The Essential Guide to PSPs: What They Are and How They Work

Jelle van Schaick
2 mins

  • Knowledge hub

In the ever-changing world of online payments, PSPs are an essential part of the ecosystem. But what are PSPs, and how do they work? In this article, we will answer those questions and more. We'll give you an overview of PSPs and their role in the payments industry, and discuss how they can benefit your business.

What is a PSP?

If you want to accept online payments through your website, you’ll need a payment service provider (PSP). These payment service providers are online payment solutions for individuals or businesses that make it easy for your customers to pay for your products or services.

The PSP is a third party organisation often referred to as a gateway through which users make payments. PSPs are an essential part of the payments ecosystem. They provide many services, including payment initiation, settlement to merchants, risk management, fraud management, and network access. PSPs are commonly referred to as Acquirers, Acquiring Banks or Payment Facilitators.

If you’re curious about how PSPs work, read on. We’ll talk about what PSPs do, who they serve, and why they’re important to the payments industry.

What are some examples of payment service providers?

When choosing a payment service provider for your business, you'll want to consider three things: cost, flexibility, and speed. It's important to think about the existing payment infrastructure of your company and how the new service will work alongside it. Some of the best-known payment service providers are:

  • Adyen
  • PayPal
  • Stripe

What services does a PSP offer?

In the following passage, you’ll find a list of services that a PSP can provide. A PSP can offer many services for accepting, processing, and managing payments securely. A turnkey payment solution also includes these services:

Opening merchant accounts

To accept credit/debit card payments, a merchant needs to open at least a business account. There are two options: open a merchant account with an acquiring bank or use a PSP to open an account for them. A PSP can help the process by applying on their behalf and speeding up the application process.

Intergiro offers merchants business accounts and acquiring solutions in one financial digital toolkit. This is a unique offering in the market and holding your business account and acquiring at the same provider saves time, money and effort.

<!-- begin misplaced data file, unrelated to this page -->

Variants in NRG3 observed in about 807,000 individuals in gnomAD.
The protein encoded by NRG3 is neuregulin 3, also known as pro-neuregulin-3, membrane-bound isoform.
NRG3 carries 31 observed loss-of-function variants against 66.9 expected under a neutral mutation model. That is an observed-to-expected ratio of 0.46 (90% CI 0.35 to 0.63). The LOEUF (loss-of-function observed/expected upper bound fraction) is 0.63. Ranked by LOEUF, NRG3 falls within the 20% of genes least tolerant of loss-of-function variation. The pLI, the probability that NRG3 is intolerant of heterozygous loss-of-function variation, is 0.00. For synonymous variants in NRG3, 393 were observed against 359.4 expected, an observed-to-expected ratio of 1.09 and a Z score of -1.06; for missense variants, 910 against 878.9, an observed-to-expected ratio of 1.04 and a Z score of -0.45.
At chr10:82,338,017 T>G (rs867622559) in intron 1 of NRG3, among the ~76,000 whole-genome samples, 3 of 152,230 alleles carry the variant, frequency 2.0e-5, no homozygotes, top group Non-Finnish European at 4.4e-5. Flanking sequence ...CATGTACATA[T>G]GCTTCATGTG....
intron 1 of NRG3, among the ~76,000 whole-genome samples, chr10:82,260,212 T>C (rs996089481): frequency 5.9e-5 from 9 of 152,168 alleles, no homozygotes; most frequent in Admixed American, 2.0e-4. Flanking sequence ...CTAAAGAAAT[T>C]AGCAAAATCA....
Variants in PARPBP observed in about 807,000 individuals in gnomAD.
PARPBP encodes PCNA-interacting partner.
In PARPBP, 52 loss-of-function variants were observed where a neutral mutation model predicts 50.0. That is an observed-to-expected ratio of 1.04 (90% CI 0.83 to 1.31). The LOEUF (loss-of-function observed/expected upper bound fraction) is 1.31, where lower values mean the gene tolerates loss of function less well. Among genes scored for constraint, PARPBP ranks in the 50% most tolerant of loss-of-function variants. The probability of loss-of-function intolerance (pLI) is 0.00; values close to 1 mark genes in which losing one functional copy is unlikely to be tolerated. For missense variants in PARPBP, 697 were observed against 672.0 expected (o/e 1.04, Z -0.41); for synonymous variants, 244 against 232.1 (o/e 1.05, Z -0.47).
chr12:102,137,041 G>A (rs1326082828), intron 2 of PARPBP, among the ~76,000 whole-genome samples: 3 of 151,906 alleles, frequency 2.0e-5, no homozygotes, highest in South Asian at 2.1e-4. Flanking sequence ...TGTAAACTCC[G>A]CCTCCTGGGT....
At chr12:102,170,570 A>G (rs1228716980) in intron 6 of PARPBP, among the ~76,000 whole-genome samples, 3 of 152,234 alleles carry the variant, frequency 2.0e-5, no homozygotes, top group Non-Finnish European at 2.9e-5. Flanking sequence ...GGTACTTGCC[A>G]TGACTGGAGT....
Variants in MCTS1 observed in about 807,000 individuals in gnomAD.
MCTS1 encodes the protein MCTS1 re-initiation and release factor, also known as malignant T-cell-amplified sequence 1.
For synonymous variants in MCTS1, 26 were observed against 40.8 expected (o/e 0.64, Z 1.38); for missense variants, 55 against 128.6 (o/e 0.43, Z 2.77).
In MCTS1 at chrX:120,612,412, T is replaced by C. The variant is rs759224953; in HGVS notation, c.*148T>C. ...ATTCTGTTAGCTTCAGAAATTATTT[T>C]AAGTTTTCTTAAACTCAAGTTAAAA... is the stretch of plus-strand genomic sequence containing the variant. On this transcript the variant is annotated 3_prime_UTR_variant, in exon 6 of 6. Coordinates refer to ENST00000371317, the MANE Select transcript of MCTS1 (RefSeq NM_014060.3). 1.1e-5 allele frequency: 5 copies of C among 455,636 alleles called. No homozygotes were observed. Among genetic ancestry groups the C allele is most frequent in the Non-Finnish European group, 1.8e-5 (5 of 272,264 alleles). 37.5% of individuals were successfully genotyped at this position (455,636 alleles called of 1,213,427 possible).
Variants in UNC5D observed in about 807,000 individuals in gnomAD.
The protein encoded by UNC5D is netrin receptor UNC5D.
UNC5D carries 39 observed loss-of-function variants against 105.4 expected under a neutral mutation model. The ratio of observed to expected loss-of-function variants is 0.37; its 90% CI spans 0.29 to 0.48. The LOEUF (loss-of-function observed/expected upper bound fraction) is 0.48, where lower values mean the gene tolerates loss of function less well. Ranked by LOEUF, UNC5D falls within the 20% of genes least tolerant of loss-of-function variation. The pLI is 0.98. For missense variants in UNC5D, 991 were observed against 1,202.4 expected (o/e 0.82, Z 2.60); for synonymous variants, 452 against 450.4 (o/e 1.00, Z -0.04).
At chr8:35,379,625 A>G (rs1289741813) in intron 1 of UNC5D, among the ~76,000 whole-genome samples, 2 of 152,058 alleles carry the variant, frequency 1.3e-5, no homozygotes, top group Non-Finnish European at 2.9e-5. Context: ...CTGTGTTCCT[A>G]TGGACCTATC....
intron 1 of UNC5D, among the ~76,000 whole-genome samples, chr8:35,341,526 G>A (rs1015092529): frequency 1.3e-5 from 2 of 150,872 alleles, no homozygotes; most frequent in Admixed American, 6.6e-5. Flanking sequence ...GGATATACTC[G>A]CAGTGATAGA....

Support for multiple payment methods

Every payment method - credit card, debit card, or cash - has its own set of requirements. A PSP provides support for a wide range of them, but it takes one simple integration. You don’t need to set up each payment method individually because the PSP does the work for you.

Another great benefit of an integrated system is that the merchant can see and manage all transactions from a single, central location.

Support for multiple currencies

Let’s say you're a merchant who wants to break into the global market or export goods to other countries. You'll need to use a PSP that not only supports multiple payment types, but also offers support for multiple currencies. This will make it easier for you to transfer money globally and process payments in different currencies.

Security by design

Security is the backbone of every good online transaction. As Bizrate Insights pointed out, more than one-third of people are frightened to make online purchases because they are afraid of credit card and personal information theft.

PCI DSS is a compulsory certification that businesses must acquire if they plan on handling credit card information. It includes various security measures that help keep customer data safe and secure. A PCI-DSS compliant payment processing service will provide merchants and their customers with more peace of mind. It will help them keep their customer's data safe, without having to worry about any issues.

How are transactions managed from start to finish?

When a customer presses “confirm order” on their screen, the transaction goes through a process known as authorisation. This is when the PSP acts on behalf of the merchant to verify that the funds are available in the customer's account. Here's what happens:

  • The details of the transaction are relayed to the acquiring bank's processor.
  • The information is sent to a credit card network. There are many popular credit card networks, but the two most common are MasterCard and Visa.
  • The network sends the booking details to the issuing bank. This would be the financial institution that issued the card to the customer. 
  • The transaction is either approved or declined by the issuing financial institution.
  • After checking the transaction, the credit card network passes this result again to the acquiring bank's processor.
  • The processor sends the following data to the PSP.
  • The PSP shares the outcome with the merchant and the customer.